- You do not have anything on your record which would prevent you from getting a green card, such as criminal activity or border-crossing problems. If you have one of these problems, work with your immigration attorney to see if you qualify for a waiver. You can still convince a judge to give you VAWA cancellation if you can show that a crime you committed is tied to you being a victim. If you have any serious criminal convictions, have your immigration attorney work with a criminal attorney.
Spouses Who Apply for VAWA Cancellation
To apply for VAWA cancellation as the spouse of a USC or LPR, you must prove that you are actually married. This involves two sets of evidence. First, you have to prove that you are married or reasonably believe that you are married. Second, you must prove that your spouse is either a lawful permanent resident or a United States Citizen.
Proving Your Marriage
1. Free to Marry
First, you must show that you are free to marry. In other words, if you or your spouse was previously married, you have to show Immigration that any previous marriages ended in divorce, death or annulment. You can use copies of death certificates, divorce certificates, or copies of court-ordered annulments.
Sometimes an abusive spouse is also a bigamist, which means they remarried without getting a divorce or annulment. The United States does not recognize multiple marriages. So, if your abusive spouse is a bigamist, you will need to show that you reasonably believe that you were married through some kind of ceremony. You can prove this by including details about the wedding in your affidavit.
2. Legally Binding Marriage
Second, you must show that your marriage is legally binding where it took place. Cultural differences can make this step complicated. For example, in Mexico a church-only wedding is not legally binding if it is not also a civil marriage. Your marriage can be religious, but it must be recognized by the government as well. U.S. Immigration will not consider a church-only or ceremonial wedding a valid marriage for immigration purposes. Most people use their government-issued marriage certificate as evidence for their VAWA cancellation. However, some countries, like Somalia, have no government and cannot issue marriage certificates. In these cases, U.S. Immigration will recognize a ceremonial wedding for VAWA as long as the marriage is described in a written personal statement.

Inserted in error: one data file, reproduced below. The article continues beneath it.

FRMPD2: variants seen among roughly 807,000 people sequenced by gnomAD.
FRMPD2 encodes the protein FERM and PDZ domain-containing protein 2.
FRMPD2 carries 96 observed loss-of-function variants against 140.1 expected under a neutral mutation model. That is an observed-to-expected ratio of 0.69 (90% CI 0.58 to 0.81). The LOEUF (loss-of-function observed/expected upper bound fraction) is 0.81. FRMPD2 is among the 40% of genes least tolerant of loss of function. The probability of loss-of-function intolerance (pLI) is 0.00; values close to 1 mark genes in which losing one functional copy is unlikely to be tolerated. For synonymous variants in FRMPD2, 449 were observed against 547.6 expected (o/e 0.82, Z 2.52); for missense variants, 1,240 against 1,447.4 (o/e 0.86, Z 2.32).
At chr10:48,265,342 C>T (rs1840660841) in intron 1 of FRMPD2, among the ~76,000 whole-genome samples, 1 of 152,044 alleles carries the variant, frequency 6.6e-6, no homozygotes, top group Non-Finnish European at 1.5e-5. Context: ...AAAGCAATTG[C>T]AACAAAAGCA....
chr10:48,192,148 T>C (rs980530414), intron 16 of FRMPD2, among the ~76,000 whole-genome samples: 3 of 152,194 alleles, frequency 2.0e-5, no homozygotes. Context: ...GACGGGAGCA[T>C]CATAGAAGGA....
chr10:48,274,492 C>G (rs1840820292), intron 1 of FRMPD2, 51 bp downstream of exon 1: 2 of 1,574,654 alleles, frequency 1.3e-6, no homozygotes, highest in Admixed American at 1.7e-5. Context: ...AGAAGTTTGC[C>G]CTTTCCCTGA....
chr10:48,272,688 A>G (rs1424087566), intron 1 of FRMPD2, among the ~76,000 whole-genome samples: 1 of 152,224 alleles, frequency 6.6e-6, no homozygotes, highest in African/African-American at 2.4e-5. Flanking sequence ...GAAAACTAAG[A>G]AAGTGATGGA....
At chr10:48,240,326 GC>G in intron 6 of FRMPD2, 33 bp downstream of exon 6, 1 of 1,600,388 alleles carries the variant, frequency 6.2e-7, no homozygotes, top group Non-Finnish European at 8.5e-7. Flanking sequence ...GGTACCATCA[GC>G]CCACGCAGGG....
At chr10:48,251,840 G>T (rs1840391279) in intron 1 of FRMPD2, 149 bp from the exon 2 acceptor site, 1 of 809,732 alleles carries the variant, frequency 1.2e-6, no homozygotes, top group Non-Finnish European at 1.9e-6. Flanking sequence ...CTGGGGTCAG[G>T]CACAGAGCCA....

The U.S. Department of State provides a list of acceptable documents on their website for each country that has a relationship with the United States. If you are looking for what documents you need to prove a marriage, start by selecting your country and then scroll until you see the marriage certificate section. There you will find the documentation you need to give U.S. Immigration that is specific to your country.
If you are divorced, you will also want to include your divorce certificate. However, some states require a waiting period in between marriages. Wisconsin for example, requires a six-month waiting period, but Illinois does not. It is important to note that if Immigration thinks that you got married in another state just because it has less restrictive laws, they will not recognize your marriage. For example, Immigration will not recognize your marriage if you live in Wisconsin but get remarried in Illinois just because you don’t want to wait the required six months in Wisconsin.
Proving Your Spouse's Status in the United States
Ideally you would show your spouse’s certificate of citizenship, birth certificate, or green card. But when that is not possible, there are some other documents you can use. You could use any previous application that the abuser might have filed for you. For example, if you have a copy of an old application for an alien relative (I-130) you should include that in your VAWA cancellation.
If your abuser had any previous contact with Immigration, they will search their own records for a birth certificate or copy of a green card that the abuser might have filed for you. Or, if your abuser is a naturalized USC, you could ask Immigration to search their records for documents that would have been filed as part of their citizenship application. However, this does not always work, especially if you don’t have a unique identifying number for your abuser such as an alien registration number or a social security number.
Good Faith Marriage
You must show Immigration that you married in good faith. In other words, you didn’t get married just to get a green card. Proof of a good faith marriage will depend on your age and personal circumstances, but generally you must show that you have shared a life together. Learn more on our Good Faith Marriage blog post.
However, as an abused spouse, you may endure treatment not found in a typical marriage. For example, your abuser may not give you access to money. You must explain the unusual aspects of your marriage in your written statement, or affidavit.
VAWA Cancellation Versus VAWA Self-Petition